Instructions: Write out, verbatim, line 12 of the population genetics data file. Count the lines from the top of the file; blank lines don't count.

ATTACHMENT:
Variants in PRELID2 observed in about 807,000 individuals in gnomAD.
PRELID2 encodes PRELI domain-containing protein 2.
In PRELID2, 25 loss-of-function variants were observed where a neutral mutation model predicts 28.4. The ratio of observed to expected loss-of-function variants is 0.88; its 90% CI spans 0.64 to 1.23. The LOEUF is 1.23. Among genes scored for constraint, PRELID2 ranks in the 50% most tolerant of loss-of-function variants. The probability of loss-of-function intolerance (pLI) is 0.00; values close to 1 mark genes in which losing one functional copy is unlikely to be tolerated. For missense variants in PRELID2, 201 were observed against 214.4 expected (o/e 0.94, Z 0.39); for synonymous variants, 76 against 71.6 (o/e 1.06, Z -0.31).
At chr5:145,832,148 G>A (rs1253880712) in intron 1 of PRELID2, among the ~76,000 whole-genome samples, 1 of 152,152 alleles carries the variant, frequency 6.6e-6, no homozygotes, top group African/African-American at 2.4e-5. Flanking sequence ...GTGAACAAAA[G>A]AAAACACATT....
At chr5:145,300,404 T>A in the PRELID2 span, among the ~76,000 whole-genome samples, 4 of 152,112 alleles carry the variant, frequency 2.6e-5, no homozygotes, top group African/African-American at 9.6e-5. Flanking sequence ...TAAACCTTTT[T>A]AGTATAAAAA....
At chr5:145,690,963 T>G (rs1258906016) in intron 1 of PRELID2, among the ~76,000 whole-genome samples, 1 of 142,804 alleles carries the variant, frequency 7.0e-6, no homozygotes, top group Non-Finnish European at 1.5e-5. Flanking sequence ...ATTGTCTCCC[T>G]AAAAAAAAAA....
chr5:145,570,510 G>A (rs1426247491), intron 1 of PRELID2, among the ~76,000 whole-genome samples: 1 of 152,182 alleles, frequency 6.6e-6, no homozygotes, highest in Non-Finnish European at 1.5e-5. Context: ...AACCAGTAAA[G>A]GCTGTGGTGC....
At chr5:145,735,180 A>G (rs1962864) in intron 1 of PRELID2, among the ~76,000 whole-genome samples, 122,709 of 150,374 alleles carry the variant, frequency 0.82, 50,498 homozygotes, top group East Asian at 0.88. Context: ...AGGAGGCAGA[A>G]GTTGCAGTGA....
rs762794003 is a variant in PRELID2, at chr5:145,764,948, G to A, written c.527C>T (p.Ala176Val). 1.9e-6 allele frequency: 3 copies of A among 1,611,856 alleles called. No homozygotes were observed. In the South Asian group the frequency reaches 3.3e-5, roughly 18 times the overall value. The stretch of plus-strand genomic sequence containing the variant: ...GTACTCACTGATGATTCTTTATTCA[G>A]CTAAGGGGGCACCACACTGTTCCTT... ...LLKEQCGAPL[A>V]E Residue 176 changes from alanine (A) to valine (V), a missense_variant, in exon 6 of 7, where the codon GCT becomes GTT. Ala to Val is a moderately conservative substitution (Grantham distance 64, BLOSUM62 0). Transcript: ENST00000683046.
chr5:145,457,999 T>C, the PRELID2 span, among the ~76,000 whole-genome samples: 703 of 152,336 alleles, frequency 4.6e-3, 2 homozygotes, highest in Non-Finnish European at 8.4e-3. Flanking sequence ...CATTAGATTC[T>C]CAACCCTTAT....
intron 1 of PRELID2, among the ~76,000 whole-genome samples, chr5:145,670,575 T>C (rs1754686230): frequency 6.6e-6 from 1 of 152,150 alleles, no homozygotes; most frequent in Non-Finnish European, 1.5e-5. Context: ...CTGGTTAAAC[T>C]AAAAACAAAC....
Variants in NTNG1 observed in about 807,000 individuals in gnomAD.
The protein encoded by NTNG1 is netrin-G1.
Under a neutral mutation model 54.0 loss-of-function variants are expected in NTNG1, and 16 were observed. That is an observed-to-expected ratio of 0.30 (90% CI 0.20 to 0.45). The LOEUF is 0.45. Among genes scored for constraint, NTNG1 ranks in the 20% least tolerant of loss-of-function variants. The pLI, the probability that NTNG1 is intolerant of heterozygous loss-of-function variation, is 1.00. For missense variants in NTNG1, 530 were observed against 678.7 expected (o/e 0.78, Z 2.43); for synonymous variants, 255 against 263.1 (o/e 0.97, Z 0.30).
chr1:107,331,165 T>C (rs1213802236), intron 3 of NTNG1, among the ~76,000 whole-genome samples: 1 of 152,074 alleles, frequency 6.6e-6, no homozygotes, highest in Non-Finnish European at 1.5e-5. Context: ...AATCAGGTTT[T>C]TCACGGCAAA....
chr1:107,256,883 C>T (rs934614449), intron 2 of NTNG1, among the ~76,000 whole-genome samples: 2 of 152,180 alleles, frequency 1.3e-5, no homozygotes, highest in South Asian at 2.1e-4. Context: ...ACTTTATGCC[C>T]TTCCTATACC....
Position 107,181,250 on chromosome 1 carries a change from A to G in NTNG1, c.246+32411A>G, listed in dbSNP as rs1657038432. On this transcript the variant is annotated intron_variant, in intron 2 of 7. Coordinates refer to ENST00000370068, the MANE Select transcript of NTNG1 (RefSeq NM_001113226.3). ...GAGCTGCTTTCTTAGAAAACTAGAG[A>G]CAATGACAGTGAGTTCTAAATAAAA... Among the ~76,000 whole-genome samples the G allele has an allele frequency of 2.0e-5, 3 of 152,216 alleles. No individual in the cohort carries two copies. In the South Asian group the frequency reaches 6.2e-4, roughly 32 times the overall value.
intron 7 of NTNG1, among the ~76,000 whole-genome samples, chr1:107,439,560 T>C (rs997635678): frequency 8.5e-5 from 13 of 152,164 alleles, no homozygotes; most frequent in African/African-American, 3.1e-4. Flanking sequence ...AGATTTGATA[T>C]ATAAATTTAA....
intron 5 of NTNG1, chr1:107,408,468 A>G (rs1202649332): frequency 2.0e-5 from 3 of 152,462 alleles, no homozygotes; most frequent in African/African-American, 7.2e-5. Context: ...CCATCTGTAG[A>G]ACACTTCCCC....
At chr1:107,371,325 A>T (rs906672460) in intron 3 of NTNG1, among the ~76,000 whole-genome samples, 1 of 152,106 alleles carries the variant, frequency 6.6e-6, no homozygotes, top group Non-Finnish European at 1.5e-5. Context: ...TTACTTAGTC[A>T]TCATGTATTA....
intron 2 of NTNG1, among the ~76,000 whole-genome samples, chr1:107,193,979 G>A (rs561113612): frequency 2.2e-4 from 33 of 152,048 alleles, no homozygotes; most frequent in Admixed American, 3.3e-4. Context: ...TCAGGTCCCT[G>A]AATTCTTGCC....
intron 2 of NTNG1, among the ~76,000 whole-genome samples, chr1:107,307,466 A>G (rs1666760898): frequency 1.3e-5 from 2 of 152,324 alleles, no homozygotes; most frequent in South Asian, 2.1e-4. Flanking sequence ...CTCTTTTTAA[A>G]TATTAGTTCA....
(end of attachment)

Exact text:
Variants in NTNG1 observed in about 807,000 individuals in gnomAD.